If now we desire to base our investigations upon the group, selecting at the same time certain definite configurations as space-elements, and if we wish to represent uniformly things which are of like characteristics, we must evidently choose our space-elements in such a way that their manifoldness either is itself a body or can be decomposed into bodies.

## Examples

###### Example

For $G = E(n)$, the Euclidean group in $n$-dimensions; $H = O(n)$, the orthogonal group; then, $X$ is $n$-dimensional Cartesian space.

###### Example

Analogously, for $G = Iso(d,1)$ the Poincare group of $(d+1)$-dimensional Minkowski space, and $H = O(d,1)$ the Lorentz group, then $X = \mathbb{R}^{d+1}$ is Minkowski space itself.

Passing to the corresponding Cartan geometry – by what physicists call gauging – yields the first order formulation of gravity.

###### Example

(crystallography)
The study of crystallographic groups in crystallography is much in the spirit of Klein geometry/the Erlangen program (see for instance Weyl 1938; Grünbaum & Shephard 2010; Engel 1986).

Concretely, the quotient space/quotient orbifold of the space of wave vectors/momenta in a crystal lattice by the (dual) crystallographic group is the Brillouin torus(-orbifold), in terms of which much of condensed matter theory is formulated (see for instance the electron energy bands, the valence bundle, and the K-theory classification of topological phases).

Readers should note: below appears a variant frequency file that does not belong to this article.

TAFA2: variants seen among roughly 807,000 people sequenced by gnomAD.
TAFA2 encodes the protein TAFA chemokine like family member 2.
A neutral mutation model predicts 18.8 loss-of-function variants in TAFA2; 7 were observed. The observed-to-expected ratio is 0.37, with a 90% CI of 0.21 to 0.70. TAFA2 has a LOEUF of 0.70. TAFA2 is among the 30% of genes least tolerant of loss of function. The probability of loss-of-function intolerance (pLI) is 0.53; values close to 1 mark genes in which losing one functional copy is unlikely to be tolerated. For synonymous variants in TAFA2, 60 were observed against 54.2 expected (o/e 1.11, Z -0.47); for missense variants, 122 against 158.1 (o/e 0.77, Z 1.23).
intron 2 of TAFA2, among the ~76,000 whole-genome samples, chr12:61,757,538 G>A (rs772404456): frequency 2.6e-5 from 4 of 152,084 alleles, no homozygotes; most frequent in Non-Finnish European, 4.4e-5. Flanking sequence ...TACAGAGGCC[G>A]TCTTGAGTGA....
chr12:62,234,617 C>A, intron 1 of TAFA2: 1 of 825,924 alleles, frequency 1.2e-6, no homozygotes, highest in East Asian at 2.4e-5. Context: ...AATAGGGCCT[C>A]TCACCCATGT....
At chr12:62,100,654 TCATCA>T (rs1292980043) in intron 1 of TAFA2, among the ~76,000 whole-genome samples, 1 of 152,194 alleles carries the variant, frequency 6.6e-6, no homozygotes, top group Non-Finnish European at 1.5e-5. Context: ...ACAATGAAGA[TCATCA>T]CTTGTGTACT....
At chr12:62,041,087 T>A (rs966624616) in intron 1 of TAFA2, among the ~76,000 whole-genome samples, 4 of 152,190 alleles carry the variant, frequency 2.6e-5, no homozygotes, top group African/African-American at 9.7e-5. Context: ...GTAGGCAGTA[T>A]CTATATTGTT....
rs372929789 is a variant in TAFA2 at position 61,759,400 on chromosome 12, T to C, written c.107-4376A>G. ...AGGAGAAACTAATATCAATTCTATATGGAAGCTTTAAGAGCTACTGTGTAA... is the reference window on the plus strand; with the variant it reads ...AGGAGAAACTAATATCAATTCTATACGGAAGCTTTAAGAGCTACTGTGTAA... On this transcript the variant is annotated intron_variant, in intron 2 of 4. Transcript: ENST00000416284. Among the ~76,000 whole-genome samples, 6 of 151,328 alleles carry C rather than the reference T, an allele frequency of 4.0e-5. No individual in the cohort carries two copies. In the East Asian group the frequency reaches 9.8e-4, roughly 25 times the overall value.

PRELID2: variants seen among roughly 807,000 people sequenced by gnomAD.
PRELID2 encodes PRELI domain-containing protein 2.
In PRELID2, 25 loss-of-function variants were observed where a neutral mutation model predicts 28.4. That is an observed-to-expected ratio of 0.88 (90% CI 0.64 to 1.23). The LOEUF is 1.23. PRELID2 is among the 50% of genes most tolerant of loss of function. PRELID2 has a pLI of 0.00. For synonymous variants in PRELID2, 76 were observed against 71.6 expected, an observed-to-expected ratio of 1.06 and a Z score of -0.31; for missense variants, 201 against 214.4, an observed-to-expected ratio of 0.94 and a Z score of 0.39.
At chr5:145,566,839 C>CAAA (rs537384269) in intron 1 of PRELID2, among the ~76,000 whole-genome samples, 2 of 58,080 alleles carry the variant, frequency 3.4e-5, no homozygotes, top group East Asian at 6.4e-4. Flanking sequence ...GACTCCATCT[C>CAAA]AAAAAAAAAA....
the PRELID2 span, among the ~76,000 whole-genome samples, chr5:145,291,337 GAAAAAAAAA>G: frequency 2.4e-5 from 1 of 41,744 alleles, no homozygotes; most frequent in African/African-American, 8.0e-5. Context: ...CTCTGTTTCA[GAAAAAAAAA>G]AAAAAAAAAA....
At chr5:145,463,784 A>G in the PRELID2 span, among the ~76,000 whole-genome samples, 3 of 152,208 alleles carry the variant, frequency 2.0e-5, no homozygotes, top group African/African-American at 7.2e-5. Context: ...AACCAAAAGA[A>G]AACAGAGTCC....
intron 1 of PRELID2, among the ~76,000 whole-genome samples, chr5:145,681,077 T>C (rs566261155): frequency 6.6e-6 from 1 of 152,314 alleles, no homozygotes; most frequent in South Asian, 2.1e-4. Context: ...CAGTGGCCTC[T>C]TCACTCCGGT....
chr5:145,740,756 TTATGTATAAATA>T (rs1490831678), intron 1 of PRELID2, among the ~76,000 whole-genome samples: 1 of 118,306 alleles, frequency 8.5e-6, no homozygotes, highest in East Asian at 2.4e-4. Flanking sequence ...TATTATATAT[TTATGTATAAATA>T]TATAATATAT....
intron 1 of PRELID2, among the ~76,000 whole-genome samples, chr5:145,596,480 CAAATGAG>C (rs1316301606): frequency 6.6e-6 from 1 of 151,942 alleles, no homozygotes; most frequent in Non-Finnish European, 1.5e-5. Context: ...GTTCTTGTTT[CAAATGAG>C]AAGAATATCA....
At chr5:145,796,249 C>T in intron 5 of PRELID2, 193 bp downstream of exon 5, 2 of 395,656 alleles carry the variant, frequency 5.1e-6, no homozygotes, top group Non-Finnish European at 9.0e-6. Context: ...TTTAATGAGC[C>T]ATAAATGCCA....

geometric contextgauge groupstabilizer subgrouplocal model spacelocal geometryglobal geometrydifferential cohomologyfirst order formulation of gravity
differential geometryLie group/algebraic group $G$subgroup (monomorphism) $H \hookrightarrow G$quotient (“coset space”) $G/H$Klein geometryCartan geometryCartan connection
examplesEuclidean group $Iso(d)$rotation group $O(d)$Cartesian space $\mathbb{R}^d$Euclidean geometryRiemannian geometryaffine connectionEuclidean gravity
Poincaré group $Iso(d-1,1)$Lorentz group $O(d-1,1)$Minkowski spacetime $\mathbb{R}^{d-1,1}$Lorentzian geometrypseudo-Riemannian geometryspin connectionEinstein gravity
anti de Sitter group $O(d-1,2)$$O(d-1,1)$anti de Sitter spacetime $AdS^d$AdS gravity
de Sitter group $O(d,1)$$O(d-1,1)$de Sitter spacetime $dS^d$deSitter gravity
linear algebraic groupparabolic subgroup/Borel subgroupflag varietyparabolic geometry
conformal group $O(d,t+1)$conformal parabolic subgroupMöbius space $S^{d,t}$conformal geometryconformal connectionconformal gravity
supergeometrysuper Lie group $G$subgroup (monomorphism) $H \hookrightarrow G$quotient (“coset space”) $G/H$super Klein geometrysuper Cartan geometryCartan superconnection
examplessuper Poincaré groupspin groupsuper Minkowski spacetime $\mathbb{R}^{d-1,1\vert N}$Lorentzian supergeometrysupergeometrysuperconnectionsupergravity
super anti de Sitter groupsuper anti de Sitter spacetime
higher differential geometrysmooth 2-group $G$2-monomorphism $H \to G$homotopy quotient $G//H$Klein 2-geometryCartan 2-geometry
cohesive ∞-group∞-monomorphism (i.e. any homomorphism) $H \to G$homotopy quotient $G//H$ of ∞-actionhigher Klein geometryhigher Cartan geometryhigher Cartan connection
examplesextended super Minkowski spacetimeextended supergeometryhigher supergravity: type II, heterotic, 11d

## References

### General

The notion of Klein geometry goes back to

in the context of what came to be known as the Erlangen program.

A review is for instance in

• Vladimir Kisil, Erlangen Programme at Large: An Overview (arXiv:1106.1686)

### Alternative terminology

Beware that some authors say “Kleinian geometry” for pseudo-Riemannian geometry of signature $(--++)$:

Last revised on November 8, 2023 at 20:52:57. See the history of this page for a list of all contributions to it.